Progressively, researchers aim at integrating different layers of data. Rotger et al. [59] examined the correspondence of results from genome-wide transcriptome analysis of differentially expressed mRNA in CD4 T cells from infected individuals with results from analysis of cis-acting genetic variants modulating gene expression in the same samples. In this work, 265 genes were differentially expressed in CD4 T cells across the range of viral set point, and 160 genes were shown to have cis-acting genetic variants associated with expression. However, the overlap between the two lists was minimal: only one gene was common to both lists: OAS1, an interferon-stimulated gene. However, SNPs in this gene are not associated with notable differences in viral set point or disease progression.

Bushman and colleagues [54] applied meta-analytical procedures to assess a wider range of genome-wide studies and public interaction databases. A higher level of signal would be obtained if the data were evaluated in the frame of specific networks and cellular systems. The approach led to the identification of at least 11 densely connected clusters. These clusters, which are enriched for proteins identified in multiple separate screens, specify cellular subsystems associated with HIV replication: the proteasome, subunits of RNA polymerase II and associated factors, the mediator complex, the Tat activation machinery, RNA binding and splicing proteins, and the BiP/GRP78/HSPA5 and CCT chaperones. The study went one additional step to organize data in an “encyclopedia” of host factors assisting HIV replication (http://www.hostpathogen.org/).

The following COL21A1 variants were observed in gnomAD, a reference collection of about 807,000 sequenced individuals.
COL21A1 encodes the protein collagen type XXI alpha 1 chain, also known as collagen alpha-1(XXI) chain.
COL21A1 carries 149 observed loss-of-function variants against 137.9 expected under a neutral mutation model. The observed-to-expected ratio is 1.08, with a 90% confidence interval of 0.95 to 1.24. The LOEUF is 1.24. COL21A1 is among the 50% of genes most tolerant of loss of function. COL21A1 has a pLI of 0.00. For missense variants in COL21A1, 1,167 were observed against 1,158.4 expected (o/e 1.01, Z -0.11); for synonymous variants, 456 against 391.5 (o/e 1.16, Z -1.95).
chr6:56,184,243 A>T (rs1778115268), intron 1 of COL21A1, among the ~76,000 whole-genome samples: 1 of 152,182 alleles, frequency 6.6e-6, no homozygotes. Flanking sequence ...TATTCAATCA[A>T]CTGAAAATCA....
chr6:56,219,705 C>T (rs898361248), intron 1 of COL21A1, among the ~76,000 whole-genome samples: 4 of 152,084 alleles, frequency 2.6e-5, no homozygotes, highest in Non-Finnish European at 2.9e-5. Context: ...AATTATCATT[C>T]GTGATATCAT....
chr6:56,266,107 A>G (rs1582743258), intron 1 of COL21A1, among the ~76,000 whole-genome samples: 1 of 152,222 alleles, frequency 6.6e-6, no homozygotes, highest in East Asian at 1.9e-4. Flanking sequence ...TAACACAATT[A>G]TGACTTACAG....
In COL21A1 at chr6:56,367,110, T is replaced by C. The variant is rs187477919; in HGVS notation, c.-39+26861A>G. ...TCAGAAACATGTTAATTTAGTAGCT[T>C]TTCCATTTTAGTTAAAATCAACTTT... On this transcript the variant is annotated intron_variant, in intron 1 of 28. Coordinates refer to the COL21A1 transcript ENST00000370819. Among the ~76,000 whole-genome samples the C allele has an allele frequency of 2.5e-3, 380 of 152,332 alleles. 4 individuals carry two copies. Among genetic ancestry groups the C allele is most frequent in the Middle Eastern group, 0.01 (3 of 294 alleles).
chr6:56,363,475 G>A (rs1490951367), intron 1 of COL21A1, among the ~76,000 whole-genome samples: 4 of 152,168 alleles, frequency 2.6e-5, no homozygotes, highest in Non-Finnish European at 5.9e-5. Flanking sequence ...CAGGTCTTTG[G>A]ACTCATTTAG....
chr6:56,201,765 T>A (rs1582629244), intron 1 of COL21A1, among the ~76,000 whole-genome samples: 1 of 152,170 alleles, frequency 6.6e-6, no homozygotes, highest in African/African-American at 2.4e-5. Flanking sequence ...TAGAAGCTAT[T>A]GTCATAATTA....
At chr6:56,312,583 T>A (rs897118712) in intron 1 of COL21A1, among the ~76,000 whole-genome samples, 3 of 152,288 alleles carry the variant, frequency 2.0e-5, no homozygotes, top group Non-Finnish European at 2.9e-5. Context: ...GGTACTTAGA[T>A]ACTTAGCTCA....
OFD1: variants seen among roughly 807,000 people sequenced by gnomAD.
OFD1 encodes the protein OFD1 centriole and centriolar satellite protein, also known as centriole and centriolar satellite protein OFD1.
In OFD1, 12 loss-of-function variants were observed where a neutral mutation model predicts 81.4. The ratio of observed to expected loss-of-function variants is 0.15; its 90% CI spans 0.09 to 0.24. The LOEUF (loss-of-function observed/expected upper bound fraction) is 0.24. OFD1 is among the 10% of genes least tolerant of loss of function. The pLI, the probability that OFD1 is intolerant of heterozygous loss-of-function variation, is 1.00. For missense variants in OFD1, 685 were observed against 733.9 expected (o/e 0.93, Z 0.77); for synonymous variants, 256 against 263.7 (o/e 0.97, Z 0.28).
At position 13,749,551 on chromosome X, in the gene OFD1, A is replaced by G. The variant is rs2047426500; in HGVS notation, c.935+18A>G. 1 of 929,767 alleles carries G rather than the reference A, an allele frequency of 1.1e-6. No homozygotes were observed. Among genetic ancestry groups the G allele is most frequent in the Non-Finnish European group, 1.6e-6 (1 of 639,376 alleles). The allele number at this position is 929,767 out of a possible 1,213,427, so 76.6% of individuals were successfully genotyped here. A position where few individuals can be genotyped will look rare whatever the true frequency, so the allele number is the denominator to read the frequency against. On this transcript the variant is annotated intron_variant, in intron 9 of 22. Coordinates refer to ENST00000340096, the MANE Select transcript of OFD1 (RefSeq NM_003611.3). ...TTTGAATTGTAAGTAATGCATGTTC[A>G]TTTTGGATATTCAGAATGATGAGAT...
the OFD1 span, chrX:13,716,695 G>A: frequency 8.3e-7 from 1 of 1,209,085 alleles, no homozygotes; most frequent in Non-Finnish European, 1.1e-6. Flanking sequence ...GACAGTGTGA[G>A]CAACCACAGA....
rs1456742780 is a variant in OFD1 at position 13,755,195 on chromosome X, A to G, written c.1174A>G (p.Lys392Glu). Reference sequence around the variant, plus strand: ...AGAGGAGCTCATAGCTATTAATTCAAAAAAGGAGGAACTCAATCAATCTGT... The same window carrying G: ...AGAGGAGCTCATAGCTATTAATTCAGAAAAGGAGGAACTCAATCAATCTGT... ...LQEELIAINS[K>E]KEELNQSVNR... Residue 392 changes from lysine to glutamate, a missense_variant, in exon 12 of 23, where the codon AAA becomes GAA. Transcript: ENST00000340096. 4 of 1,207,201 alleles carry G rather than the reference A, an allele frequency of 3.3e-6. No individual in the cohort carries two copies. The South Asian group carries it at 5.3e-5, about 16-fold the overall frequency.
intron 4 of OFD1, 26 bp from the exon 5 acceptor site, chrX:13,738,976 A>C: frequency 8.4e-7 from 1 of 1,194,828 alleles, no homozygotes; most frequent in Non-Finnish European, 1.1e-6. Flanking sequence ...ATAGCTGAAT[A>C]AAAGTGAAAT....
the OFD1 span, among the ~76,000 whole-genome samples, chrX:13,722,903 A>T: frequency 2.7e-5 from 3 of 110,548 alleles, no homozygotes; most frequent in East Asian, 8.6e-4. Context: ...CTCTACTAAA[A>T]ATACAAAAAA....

There is growing interest in applying non-reductionist approaches such as systems biology to the study of infectious diseases. The general premise of systems biology includes the high-throughput quantitative approach to a biological system that can be subjected to iterative cycles of perturbation, and the modeling of the collected data. HIV infection, which results in a perturbed environment that can be exogenously manipulated through treatment, or modulated by genetic determinants, should now be approached under this research paradigm.

Conclusion

The aim of HIV host genetic research is to comprehensively describe human genetic influences on HIV/AIDS. Some genetic factors have now been convincingly associated with viral control or resistance to infection, yet much effort is still needed to get the full picture. The field is now moving simultaneously towards greater depth in genome analysis and towards more breath and integration through systems biology. This ongoing transition brings renewed hopes that genetic analysis of the human host will contribute substantially to understanding HIV-1 pathogenesis and developing new strategies to stamp out the AIDS pandemic.